-- Robert Preidt
FRIDAY, Nov. 22, 2013 (HealthDay News) -- Certain lifestyle
factors may improve women's chances of having a healthy pregnancy,
according to a new study.
The researchers analyzed data from more than 5,600 women in
England, Ireland, Australia and New Zealand to pinpoint lifestyle
factors at 15 to 20 weeks of gestation that were associated with
Helpful lifestyle factors included eating fruit, having a
healthy weight, having lower blood pressure, having a job, and
stopping drug and alcohol abuse, according to the study, which was
published Nov. 21 on the
The findings suggest that encouraging women to make healthy
choices before and during pregnancy "may increase the likelihood of
normal pregnancy outcomes," said Lucy Chappell, of the Women's
Health Academic Center of King's College London, and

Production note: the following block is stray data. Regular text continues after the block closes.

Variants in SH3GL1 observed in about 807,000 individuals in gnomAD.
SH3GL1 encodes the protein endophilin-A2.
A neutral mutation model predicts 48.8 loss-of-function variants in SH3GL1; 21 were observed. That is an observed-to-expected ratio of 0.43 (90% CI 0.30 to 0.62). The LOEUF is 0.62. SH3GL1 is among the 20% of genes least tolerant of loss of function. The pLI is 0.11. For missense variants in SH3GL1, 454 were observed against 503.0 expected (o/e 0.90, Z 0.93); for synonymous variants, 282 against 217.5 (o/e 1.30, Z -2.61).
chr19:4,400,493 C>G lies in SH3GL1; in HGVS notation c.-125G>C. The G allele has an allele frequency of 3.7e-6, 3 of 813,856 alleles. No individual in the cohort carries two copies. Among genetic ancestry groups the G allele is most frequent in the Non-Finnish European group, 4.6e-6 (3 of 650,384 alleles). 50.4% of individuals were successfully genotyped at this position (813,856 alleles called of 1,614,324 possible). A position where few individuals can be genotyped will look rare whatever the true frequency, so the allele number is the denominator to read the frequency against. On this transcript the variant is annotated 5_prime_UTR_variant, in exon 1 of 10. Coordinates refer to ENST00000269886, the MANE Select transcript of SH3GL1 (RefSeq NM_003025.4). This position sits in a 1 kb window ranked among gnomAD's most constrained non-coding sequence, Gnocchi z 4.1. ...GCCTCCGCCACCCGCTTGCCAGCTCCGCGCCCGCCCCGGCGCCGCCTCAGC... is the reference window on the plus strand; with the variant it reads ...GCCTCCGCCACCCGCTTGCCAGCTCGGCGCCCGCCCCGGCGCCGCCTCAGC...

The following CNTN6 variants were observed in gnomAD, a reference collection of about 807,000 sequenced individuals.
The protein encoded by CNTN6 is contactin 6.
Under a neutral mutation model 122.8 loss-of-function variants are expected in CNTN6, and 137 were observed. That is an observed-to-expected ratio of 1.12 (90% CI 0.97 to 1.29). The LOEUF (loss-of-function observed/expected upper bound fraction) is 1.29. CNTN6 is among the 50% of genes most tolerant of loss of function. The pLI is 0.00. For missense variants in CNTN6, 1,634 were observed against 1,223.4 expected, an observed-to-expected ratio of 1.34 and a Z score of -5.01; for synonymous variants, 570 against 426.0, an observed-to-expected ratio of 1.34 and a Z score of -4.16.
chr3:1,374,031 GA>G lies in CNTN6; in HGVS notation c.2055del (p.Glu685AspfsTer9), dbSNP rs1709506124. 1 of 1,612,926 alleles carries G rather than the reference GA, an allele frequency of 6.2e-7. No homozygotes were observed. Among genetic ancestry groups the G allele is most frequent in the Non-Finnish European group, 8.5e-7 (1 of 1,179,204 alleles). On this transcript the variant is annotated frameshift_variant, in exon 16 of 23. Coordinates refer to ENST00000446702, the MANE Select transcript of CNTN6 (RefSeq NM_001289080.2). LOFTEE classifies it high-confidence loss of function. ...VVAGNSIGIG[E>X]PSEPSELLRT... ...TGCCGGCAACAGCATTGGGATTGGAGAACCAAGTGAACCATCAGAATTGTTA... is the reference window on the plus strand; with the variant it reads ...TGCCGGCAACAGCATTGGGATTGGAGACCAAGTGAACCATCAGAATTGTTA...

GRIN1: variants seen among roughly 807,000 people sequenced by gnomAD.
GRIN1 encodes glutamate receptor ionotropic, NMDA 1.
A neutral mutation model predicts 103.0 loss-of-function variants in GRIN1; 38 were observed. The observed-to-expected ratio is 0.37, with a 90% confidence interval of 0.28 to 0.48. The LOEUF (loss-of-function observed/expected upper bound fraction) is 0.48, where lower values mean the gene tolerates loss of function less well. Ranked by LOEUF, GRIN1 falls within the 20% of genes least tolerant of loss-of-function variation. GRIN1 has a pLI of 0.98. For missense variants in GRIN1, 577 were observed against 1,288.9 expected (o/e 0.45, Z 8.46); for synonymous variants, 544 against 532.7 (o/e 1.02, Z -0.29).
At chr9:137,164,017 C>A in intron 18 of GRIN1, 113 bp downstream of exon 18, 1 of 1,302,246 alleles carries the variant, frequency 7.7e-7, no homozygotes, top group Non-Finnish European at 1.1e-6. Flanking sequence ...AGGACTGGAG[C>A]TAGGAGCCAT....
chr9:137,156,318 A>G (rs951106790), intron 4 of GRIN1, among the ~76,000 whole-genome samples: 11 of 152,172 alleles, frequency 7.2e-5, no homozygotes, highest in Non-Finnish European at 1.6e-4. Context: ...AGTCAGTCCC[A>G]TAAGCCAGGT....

Of the women in the study, 61 percent had an uncomplicated
pregnancy. Fewer women in England and Ireland (58 percent) had an
uncomplicated pregnancy than those in Australia and New Zealand (63
The most common pregnancy-related problems were babies who were
too small for their gestational age (11 percent), high blood
pressure (8 percent), preterm birth (4 percent) and a dangerous
spike in blood pressure called preeclampsia (5 percent).
Among the potentially dangerous lifestyle factors that women can
change (modifiable factors) were being overweight, having high
blood pressure and the misuse of drugs, including binge drinking,
the researchers said.
On the other hand, modifiable lifestyle factors that reduced the
risk of problems were high levels of fruit consumption in the month
before pregnancy and working at 15 weeks into pregnancy.
Lifestyle factors beyond women's control that increased the risk
of problems during pregnancy were poverty, having high blood
pressure before pregnancy while taking birth control pills, a
family history of high blood pressure during pregnancy and bleeding
Although the study identified risk factors associated with
pregnancy complications, it did not prove cause-and-effect
The U.S. Office of Disease Prevention and Health Promotion
outlines how to have a
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